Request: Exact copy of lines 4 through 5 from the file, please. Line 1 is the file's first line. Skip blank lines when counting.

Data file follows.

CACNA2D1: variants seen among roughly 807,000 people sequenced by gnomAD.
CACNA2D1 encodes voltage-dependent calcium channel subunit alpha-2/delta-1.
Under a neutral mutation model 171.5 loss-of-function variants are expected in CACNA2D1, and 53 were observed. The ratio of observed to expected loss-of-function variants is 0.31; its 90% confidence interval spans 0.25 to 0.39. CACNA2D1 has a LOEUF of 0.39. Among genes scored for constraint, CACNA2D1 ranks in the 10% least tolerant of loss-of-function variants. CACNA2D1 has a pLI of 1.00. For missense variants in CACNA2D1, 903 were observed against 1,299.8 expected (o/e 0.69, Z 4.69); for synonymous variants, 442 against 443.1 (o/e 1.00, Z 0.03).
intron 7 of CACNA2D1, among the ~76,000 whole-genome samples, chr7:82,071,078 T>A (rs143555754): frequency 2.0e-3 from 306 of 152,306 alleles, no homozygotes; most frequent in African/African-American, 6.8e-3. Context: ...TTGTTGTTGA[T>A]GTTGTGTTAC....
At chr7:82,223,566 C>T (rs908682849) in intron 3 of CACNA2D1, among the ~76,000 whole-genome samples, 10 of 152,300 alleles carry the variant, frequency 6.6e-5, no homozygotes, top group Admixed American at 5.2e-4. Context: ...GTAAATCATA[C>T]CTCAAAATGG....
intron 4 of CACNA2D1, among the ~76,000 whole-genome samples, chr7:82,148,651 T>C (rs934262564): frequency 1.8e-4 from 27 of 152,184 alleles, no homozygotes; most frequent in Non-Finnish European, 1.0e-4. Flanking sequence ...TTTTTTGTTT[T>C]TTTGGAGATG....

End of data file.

intron 7 of CACNA2D1, among the ~76,000 whole-genome samples, chr7:82,071,078 T>A (rs143555754): frequency 2.0e-3 from 306 of 152,306 alleles, no homozygotes; most frequent in African/African-American, 6.8e-3. Context: ...TTGTTGTTGA[T>A]GTTGTGTTAC....
At chr7:82,223,566 C>T (rs908682849) in intron 3 of CACNA2D1, among the ~76,000 whole-genome samples, 10 of 152,300 alleles carry the variant, frequency 6.6e-5, no homozygotes, top group Admixed American at 5.2e-4. Context: ...GTAAATCATA[C>T]CTCAAAATGG....